Pea aphids are very common across the world, especially in the early summer months. They are either light green or pinkish red. These aphids are often found in large groups or colonies, where every wingless aphid is a female and each female gives birth to up to 100 aphids.

Pea aphids have very long legs, with two tail-like bulges at the back of them. In spring and summer, pea aphids are found on the food they enjoy eating most: peas. During winter, pea aphids hide or lay eggs in clover and alfalfa.

Photo of a pinkish-red pea aphid sitting on a leaf
Adapted from the original image sourced, with thanks, from Jpeccoud

What else do aphids bite?

While many of us know that aphids live mainly on the sweet sap running inside plants and trees, you might not know that some aphids have been known to suck the juices right out of insect eggs and other live insects – including other aphids.

Researchers have reported seeing aphids using their mouthparts to pierce and suck the liquid out of ladybird eggs, lacewing eggs, and even ant larvae. Aphids are also said to enjoy sucking feeding mites dry. And very often, aphids have been seen sucking the sap right out of other aphids in their colony.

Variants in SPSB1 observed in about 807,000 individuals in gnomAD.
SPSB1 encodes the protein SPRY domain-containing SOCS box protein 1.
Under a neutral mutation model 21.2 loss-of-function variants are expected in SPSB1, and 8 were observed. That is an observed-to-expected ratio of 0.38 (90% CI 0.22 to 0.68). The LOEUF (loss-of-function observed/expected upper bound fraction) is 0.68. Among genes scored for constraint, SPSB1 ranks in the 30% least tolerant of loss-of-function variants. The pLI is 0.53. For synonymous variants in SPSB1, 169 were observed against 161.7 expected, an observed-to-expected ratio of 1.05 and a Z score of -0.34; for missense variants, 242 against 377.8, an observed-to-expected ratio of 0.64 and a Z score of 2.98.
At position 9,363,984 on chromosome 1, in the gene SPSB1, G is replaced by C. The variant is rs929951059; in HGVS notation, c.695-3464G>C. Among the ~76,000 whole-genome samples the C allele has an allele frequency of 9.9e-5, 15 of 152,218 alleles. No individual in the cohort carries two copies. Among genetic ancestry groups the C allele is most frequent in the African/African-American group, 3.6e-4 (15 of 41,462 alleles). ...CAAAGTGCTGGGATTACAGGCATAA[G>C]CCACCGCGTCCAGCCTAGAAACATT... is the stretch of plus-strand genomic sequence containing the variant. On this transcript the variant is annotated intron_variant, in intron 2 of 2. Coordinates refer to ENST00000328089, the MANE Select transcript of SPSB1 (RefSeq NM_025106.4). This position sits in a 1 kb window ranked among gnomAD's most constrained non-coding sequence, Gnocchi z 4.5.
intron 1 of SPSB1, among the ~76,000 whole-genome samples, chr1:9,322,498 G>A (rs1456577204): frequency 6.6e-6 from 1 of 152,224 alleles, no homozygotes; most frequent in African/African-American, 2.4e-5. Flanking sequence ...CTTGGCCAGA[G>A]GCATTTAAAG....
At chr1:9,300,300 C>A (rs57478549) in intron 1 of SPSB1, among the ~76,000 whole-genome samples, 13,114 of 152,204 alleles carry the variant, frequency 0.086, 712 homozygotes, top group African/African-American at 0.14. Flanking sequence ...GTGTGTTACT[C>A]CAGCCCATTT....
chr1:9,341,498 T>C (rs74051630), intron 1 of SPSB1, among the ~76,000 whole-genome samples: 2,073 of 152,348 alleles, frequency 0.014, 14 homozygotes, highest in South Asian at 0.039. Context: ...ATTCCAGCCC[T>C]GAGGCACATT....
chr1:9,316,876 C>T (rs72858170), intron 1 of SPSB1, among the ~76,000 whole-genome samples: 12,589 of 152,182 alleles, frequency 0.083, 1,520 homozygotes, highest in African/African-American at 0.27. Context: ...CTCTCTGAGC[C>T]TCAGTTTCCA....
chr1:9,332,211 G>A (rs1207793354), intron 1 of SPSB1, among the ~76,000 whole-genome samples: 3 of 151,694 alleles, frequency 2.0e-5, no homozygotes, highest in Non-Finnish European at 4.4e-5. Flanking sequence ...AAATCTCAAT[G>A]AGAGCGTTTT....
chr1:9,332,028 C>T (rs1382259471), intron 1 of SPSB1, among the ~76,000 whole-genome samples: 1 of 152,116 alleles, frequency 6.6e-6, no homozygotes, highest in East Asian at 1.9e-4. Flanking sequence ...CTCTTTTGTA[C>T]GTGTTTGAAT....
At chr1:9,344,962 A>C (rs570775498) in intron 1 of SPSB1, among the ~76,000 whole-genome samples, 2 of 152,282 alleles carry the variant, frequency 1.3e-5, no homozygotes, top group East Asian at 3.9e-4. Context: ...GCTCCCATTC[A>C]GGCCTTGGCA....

If aphids pierce human skin, insect eggs, other insects, and their own kind, then they might be able to bite dogs and cats too. But dogs and cats have one line of defense we don’t have – fur. Aphids will find it very difficult and probably not worth the effort to find their way through an animal’s fur just to give your pet a quick nibble.

Best products to get rid of aphids

If your backyard or houseplants are plagued by aphids, here are the top recommended products from Amazon to get rid of these pesky insects:

Bonide Ready-to-Use Insecticidal Soap Spray: This is an option for indoor and outdoor plants, including houseplants, citrus, ornamentals, fruit trees, and vegetables. The spray must make contact with the aphids to kill them.

Bonide Rose Spray: Don’t let the name fool you – this spray isn’t just for roses. It kills all life stages of aphids on roses, flowers, potted plants, indoor plants, ornamentals, shrubs, fruits and vegetables, and more. It also kills sooty mold and prevents fungal attacks.

Houseplant Insect Control Granules: These granules can be used on houseplants, flowers and roses, but not on any edibles like fruits and vegetables. The granules are highly recommended for potted plants or plants in containers and raised beds.

Food-Grade diatomaceous earth: Sprinkle this all-natural, organic product on your aphid-infested plant and around the bottom of the plant or tree. When aphids walk over the diatomaceous earth, it cuts them and kills them, yet this is not harmful to humans. Be sure to use this earth when it is dry, and sprinkle more after it has rained.

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MONIQUE

Monique loves gardening and spending time in her backyard, where she grows flowers, succulents, herbs, fruits, and vegetables.

Monique spends a lot of time researching how to protect her backyard from harmful pests and trying to attract beneficial insects and animals.

She shares everything that she learns and tests here at Backyard Pests.